Originally Posted by trailhorserider
If you don't mind me asking, what kind of dewormer was that and how was it improperly given? The wrong dosage or ???
I would rather not have that experience!
It was Ivermectin - a 2 month old colt was given an adult horse's dose, this totally ruined the balance of his stomach after a serious colic because of it we took him to tufts, who overdosed him with antibiotics and killed him.
We also have a horse at our rescue who's a boarder who's owner insists on worming this poor old mare every month with a new drug (and I get it you need to rotate them for them to work) but this poor horse's stomach doesn't have a chance to recover from the first poison before she gets the next dose, she's truly a mess.
I find young healthy horses don't have much of a reaction because their stomach rebalances fairly quickly, but older, sickly or very young horses get really screwed up. That being said I'm looking at options for two, young healthy horses xD
Othbsits - good question, I haven't seen a horse have any negative reaction to it, but that very well could happen I suppose? It's not sand or dirt like it sounds, it is a white flour-like substance. But I tried a little pinch of it once (I try all my horse's foods :P) and it was actually quite sharp on my tongue - drank down a bottle of water and was fine, but it felt like swallowing sand.
Alli- I'm kind of the same way, I don't want to add anything they don't need, but at the same time I feel funny not doing anything. Which is why I'm looking for less severe ways of doing the same thing.
Joe + Evil - I just got my two horses fairly recently and wouldn't want to worm without a vet's say-so, so I was referring to the large farm-call vet bill that comes with the recommendation of which wormer to use. :P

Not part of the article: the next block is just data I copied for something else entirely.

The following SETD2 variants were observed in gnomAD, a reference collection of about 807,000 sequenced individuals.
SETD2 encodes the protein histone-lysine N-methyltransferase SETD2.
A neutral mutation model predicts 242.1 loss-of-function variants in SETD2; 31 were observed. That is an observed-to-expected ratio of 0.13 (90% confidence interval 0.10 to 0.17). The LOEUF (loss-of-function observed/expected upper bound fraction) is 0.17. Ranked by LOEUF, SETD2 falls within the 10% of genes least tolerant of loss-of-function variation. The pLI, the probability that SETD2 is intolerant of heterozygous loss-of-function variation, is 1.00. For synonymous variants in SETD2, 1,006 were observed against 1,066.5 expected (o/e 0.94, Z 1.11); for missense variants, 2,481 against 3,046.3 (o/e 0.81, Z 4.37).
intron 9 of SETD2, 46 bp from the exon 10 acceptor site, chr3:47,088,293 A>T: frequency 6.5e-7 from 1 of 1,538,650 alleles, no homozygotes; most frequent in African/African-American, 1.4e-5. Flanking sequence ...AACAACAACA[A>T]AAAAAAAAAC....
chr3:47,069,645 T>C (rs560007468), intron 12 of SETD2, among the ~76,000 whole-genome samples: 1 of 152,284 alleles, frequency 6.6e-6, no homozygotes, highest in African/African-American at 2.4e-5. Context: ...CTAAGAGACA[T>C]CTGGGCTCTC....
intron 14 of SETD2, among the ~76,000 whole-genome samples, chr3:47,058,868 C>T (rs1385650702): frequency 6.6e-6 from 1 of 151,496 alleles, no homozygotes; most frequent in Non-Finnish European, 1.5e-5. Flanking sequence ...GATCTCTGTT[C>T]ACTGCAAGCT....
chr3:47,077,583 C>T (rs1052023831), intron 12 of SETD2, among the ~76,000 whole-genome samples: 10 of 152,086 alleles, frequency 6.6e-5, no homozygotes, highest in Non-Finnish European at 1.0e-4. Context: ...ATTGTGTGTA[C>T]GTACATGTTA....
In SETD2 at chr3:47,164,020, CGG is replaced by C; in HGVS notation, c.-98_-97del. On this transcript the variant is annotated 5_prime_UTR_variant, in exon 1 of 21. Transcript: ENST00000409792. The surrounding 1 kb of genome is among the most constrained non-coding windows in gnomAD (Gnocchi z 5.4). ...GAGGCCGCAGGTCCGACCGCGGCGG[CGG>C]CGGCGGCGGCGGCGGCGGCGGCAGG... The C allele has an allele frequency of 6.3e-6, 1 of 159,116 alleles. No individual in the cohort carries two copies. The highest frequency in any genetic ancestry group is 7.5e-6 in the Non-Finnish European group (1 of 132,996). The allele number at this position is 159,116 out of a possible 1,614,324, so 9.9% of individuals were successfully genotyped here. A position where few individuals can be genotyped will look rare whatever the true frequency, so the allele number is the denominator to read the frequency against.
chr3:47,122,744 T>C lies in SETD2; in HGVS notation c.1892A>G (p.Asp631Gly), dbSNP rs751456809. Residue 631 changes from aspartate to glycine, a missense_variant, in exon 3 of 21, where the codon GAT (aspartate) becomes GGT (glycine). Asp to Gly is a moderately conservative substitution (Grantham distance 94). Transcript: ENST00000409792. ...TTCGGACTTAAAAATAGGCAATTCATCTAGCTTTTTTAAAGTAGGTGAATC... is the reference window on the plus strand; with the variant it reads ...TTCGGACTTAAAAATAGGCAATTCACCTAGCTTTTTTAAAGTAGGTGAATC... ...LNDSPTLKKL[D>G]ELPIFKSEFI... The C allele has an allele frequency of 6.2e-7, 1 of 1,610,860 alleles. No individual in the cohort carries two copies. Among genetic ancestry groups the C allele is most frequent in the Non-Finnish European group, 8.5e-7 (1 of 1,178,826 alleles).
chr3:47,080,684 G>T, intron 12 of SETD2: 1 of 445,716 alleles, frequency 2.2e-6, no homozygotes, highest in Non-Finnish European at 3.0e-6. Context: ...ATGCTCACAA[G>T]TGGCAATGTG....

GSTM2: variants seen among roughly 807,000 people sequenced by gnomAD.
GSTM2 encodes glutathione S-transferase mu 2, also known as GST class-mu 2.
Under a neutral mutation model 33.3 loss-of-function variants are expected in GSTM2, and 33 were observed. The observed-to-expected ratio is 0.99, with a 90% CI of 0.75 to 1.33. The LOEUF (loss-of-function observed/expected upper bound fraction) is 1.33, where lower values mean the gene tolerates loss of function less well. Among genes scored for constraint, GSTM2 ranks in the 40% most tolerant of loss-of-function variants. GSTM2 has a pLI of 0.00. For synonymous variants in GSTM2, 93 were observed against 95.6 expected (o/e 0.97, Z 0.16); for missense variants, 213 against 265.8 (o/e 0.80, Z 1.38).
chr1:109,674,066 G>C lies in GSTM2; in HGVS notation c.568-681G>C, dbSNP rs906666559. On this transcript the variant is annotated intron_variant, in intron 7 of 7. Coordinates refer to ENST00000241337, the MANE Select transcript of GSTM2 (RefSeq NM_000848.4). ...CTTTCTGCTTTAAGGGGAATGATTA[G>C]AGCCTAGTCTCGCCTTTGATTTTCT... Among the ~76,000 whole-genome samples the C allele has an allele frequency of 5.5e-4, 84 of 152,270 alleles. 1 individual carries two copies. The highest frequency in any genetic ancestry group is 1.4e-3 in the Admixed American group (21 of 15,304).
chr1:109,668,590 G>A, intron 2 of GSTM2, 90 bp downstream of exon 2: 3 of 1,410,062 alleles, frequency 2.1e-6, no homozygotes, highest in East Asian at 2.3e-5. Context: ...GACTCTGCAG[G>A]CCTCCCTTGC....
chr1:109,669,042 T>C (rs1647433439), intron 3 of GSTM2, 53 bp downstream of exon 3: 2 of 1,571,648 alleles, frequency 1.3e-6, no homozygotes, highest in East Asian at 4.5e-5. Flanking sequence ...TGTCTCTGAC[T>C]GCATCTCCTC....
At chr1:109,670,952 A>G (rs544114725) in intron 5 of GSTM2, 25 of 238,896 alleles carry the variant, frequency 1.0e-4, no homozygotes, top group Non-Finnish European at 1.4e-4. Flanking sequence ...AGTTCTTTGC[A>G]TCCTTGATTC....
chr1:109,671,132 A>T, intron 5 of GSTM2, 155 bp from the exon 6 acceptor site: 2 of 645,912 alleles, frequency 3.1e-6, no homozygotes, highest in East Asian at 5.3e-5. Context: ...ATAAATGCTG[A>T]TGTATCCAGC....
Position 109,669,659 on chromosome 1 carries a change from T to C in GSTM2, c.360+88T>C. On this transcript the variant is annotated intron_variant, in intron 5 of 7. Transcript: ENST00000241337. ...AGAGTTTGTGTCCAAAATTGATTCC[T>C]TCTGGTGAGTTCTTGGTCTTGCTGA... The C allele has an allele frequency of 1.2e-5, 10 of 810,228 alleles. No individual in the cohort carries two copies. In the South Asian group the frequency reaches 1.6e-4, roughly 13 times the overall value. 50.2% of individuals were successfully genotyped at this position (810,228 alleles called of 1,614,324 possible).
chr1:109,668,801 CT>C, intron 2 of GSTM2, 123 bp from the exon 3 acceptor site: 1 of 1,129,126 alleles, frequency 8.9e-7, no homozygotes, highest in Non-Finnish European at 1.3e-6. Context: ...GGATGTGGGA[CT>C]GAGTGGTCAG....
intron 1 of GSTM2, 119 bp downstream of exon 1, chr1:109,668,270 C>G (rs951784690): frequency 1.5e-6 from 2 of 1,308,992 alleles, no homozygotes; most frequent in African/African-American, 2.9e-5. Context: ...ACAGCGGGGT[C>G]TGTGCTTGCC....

Trail - Yes!! There is a BIG difference! The non-food grade is what I line my stalls with to kill the bugs, that's all great but it's often mixed with other stuff not safe to eat. Jeffer's sells food grade, it looks like it can also be used to kill topical insects like Lice.
P.S. Our rescue was used as a control group for an Ivermectin study, done by a naturalist group (so I'm sure biased in some ways) But they found our horses who had never been wormed with anything besides the occasional Diatomaceous earth - compared to horses wormed only with Ivermectin - compared to horses on a rotational wormer including ivermectin. This particular study found our horses had fewer worms and the amount didn't fluctuate nearly as much. So, each month they had a fecal and they had the same low amount, versus ones on chemical wormers had no worms right after worming then within a few months had a fairly high level. But here's were I see the bias come in - our horses never leave our property, it's very rare that we get a new horse and they are sufficiently quarantined so they're not really ever exposed to anything new.
This is interesting - lots of things I didn't think about, thanks for all the thoughtful responses! I'm curious to see more thoughts on this as I'm still undecided.